Strict Regulation = Economic Growth?
There is an article on The Christian Science Monitor website that suggests a very counter intuitive but, if oversimplified, logical suggestion that tougher environmental laws stimulates economic growth in certain industries because “Weak environmental regulations may hurt, not help, industries by blunting their technological edge.”
The article sites that after the 1970 Clean Air Act the smoke stack scrubber industry in the U.S. became the world leader. Then in the ‘80’s when “many power plants were able to avoid scrubbers” the industry slowed down. “When tougher laws went into effect in the '90s, the industry perked up.”
By this reasoning it is suggested that the wind turbine industry is suffering in the U.S. due to lagging regulation. And the lagging continues, as recent legislation, the Kyoto Protocol, will not be signed that was intended to cut greenhouse gases.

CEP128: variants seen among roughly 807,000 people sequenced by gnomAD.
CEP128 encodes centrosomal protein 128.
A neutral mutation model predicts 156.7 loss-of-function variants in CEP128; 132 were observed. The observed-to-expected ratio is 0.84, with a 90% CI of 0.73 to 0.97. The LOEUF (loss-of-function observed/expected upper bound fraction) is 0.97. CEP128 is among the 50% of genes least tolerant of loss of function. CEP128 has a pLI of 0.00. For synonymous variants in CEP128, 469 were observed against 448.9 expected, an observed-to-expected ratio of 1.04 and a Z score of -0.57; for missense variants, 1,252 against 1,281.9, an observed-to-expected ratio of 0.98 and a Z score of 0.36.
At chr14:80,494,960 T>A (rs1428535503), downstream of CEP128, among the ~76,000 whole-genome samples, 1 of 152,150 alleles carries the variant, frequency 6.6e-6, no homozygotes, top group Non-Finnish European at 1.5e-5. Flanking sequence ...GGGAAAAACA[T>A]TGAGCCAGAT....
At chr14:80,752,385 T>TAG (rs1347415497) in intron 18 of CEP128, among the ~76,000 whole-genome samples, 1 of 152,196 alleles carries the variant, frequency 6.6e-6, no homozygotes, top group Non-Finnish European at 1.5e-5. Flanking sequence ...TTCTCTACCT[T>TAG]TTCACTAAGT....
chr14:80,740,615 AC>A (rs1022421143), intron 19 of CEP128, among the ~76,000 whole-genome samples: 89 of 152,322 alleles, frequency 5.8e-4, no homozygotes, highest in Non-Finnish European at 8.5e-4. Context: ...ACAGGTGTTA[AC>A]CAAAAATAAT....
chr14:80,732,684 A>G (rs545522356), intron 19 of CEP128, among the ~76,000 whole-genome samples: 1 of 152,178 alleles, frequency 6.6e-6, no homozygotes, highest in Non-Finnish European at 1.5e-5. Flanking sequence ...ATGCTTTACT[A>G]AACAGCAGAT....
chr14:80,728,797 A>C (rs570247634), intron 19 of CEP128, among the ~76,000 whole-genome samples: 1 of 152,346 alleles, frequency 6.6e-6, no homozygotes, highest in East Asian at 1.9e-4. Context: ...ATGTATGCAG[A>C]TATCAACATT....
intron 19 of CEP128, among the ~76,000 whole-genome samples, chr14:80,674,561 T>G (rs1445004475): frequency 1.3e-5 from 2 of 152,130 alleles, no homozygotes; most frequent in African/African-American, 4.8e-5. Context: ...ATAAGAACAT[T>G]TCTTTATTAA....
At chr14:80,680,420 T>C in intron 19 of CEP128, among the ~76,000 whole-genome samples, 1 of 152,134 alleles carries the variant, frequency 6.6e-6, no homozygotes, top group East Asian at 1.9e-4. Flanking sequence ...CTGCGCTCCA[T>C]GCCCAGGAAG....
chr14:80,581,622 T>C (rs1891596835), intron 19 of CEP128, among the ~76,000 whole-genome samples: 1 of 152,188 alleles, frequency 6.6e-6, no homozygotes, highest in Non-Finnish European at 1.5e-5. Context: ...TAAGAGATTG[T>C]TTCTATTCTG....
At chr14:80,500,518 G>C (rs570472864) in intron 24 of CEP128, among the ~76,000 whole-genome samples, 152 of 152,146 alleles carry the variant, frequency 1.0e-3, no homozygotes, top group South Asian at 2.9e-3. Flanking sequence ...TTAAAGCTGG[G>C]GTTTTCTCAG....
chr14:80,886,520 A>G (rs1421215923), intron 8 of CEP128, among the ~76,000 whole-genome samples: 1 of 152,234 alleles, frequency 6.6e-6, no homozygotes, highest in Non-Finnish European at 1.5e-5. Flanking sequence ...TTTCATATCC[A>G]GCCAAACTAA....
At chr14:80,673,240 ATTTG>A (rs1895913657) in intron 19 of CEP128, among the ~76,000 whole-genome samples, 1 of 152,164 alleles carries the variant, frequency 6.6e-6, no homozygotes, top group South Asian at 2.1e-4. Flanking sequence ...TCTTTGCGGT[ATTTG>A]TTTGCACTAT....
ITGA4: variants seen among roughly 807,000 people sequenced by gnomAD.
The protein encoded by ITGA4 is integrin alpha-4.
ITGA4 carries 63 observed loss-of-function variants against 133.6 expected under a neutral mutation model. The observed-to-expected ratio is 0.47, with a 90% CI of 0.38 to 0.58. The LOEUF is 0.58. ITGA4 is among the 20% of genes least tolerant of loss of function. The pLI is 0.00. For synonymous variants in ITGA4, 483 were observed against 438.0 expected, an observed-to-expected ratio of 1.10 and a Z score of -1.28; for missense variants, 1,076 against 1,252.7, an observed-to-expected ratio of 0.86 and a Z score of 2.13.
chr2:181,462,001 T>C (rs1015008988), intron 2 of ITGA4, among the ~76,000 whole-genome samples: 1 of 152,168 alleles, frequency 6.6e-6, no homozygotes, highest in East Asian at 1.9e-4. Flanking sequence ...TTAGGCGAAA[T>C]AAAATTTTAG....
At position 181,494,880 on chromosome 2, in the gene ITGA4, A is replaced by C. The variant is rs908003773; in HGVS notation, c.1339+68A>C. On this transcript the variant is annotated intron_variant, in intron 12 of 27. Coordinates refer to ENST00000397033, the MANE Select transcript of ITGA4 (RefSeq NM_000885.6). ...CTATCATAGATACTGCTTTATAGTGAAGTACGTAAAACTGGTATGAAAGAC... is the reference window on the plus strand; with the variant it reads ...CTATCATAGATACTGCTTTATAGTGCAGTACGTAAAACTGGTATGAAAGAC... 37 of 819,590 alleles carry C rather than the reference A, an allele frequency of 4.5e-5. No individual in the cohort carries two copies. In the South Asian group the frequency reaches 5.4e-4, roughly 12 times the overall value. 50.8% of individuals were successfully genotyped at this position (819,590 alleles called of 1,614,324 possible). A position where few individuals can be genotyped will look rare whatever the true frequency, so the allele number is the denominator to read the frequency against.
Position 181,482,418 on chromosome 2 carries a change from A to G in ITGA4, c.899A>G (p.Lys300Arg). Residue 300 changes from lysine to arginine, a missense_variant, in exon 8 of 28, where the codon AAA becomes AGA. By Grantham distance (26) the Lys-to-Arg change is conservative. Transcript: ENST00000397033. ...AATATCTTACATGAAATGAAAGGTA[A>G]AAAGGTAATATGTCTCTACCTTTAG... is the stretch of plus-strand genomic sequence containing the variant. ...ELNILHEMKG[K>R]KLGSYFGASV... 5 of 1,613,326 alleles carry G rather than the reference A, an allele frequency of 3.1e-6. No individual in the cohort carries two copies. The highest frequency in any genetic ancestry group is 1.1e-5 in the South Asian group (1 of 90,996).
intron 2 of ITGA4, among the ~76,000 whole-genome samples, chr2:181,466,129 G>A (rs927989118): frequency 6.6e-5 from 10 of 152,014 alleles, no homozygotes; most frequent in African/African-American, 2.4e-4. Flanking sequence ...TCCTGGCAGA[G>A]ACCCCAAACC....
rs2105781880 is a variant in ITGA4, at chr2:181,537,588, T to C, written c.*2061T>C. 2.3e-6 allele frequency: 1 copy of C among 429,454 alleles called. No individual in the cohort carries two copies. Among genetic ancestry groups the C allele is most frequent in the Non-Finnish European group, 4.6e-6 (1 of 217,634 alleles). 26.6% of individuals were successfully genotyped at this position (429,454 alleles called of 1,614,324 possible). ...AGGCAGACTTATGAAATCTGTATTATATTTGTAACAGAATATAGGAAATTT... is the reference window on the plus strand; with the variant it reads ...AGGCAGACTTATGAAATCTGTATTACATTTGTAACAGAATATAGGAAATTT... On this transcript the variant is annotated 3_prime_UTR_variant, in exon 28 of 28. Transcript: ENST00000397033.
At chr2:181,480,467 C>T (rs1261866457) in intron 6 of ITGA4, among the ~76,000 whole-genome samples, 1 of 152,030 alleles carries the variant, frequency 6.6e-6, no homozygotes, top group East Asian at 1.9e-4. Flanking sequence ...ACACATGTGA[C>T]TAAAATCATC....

I certainly agree that regulation can create an incentive for private industries to improve technologies in the long run, but not just any type of regulation will do that in the short run. Too strict of command-and-control type of regulation applied too quickly will damage the regulated industry too greatly in the short run. The costs of compliance would be too high. Regulation must allow for market principles to work by allowing things like trading of the “right to pollute” to occur among companies so that those best equipped with the potential to create new pollution reducing technology will have a financial incentive to do so; while the companies that aren’t in position to do that can “specialize and trade” as well.